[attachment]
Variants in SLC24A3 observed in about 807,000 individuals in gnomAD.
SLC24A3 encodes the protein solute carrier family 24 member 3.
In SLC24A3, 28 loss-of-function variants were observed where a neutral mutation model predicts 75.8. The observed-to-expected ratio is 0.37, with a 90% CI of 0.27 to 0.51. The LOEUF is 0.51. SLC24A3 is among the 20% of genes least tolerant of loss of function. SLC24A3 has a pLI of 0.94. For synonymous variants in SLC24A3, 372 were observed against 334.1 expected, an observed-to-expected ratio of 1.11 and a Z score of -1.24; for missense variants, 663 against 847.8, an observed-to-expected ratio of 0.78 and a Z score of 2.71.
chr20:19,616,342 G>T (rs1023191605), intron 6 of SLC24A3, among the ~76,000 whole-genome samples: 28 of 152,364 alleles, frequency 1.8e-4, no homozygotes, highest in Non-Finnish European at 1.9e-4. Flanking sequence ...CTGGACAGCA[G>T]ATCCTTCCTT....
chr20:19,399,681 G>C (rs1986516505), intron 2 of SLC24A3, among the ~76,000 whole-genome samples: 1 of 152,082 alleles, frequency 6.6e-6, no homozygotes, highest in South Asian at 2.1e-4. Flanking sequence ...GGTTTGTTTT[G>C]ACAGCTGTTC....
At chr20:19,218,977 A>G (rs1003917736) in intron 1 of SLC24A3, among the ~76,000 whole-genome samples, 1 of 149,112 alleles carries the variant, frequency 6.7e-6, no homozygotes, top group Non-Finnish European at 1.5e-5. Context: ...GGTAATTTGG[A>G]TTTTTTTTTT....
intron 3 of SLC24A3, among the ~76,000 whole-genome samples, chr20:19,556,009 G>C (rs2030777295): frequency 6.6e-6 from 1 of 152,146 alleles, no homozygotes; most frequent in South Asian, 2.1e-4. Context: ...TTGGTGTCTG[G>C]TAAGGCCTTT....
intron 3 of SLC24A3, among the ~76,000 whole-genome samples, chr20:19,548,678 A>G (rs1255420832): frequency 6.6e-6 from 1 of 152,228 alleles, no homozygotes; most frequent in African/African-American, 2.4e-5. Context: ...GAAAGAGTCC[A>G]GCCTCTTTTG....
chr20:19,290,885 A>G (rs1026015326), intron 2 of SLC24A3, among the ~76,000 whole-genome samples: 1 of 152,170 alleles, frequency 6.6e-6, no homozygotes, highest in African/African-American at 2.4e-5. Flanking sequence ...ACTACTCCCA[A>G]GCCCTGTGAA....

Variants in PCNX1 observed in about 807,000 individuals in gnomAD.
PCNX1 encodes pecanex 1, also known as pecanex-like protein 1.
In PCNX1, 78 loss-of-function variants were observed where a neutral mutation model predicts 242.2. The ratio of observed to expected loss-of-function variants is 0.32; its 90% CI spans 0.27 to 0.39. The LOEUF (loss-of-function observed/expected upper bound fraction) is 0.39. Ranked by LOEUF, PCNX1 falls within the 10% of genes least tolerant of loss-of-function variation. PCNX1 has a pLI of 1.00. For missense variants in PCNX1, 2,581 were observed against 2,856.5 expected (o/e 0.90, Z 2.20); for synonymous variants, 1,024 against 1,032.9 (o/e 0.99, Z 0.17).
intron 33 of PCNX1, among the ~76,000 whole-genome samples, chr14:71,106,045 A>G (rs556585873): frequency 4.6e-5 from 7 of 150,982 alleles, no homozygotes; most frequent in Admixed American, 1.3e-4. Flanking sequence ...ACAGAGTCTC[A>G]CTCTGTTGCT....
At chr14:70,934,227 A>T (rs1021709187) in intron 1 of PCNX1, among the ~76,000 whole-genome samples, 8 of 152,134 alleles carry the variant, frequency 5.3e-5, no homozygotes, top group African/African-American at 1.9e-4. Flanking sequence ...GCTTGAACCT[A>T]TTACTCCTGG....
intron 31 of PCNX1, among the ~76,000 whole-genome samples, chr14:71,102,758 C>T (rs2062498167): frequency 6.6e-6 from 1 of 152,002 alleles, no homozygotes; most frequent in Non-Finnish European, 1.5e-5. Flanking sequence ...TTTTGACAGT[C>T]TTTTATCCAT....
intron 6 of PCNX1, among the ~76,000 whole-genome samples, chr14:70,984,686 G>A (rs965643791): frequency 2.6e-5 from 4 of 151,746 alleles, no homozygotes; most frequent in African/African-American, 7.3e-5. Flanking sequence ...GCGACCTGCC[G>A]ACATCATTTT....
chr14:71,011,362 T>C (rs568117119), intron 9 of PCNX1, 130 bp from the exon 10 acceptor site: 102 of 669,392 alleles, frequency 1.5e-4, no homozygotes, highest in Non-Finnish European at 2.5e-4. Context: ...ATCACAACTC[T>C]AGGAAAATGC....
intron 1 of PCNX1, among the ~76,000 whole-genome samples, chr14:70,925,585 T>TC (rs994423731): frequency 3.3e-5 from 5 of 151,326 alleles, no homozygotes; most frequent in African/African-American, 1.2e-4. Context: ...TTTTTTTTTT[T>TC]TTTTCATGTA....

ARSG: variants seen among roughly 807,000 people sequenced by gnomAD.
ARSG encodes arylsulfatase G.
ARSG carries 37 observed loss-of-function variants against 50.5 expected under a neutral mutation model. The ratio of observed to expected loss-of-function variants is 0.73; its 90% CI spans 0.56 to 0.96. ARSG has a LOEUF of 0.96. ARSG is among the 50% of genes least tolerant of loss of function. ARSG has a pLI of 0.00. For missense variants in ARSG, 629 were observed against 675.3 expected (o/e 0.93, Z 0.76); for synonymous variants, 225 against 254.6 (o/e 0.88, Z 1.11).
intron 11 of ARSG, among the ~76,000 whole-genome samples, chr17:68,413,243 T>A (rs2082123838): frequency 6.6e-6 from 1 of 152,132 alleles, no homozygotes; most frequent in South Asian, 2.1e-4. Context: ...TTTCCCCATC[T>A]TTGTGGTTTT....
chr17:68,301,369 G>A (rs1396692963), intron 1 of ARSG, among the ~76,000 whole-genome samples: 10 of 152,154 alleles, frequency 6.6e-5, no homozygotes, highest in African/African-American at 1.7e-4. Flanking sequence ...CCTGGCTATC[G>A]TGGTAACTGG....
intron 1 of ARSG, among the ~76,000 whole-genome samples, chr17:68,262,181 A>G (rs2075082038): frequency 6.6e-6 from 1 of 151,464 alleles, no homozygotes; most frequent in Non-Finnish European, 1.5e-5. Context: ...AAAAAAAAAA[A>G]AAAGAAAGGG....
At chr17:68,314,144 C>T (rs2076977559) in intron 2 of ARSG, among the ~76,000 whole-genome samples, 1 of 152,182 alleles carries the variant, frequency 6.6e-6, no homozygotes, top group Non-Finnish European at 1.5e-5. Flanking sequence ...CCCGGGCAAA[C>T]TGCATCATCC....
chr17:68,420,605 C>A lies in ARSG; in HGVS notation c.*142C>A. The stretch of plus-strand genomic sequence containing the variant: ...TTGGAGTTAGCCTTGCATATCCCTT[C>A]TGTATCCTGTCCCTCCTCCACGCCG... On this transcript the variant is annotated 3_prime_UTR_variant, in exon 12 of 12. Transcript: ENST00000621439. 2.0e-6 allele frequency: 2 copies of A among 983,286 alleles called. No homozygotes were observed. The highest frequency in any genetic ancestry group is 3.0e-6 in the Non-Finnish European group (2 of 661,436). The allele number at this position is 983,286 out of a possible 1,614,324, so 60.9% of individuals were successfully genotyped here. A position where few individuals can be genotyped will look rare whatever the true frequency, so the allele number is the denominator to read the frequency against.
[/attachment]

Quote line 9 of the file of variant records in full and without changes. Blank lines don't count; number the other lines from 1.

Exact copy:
chr20:19,290,885 A>G (rs1026015326), intron 2 of SLC24A3, among the ~76,000 whole-genome samples: 1 of 152,170 alleles, frequency 6.6e-6, no homozygotes, highest in African/African-American at 2.4e-5. Flanking sequence ...ACTACTCCCA[A>G]GCCCTGTGAA....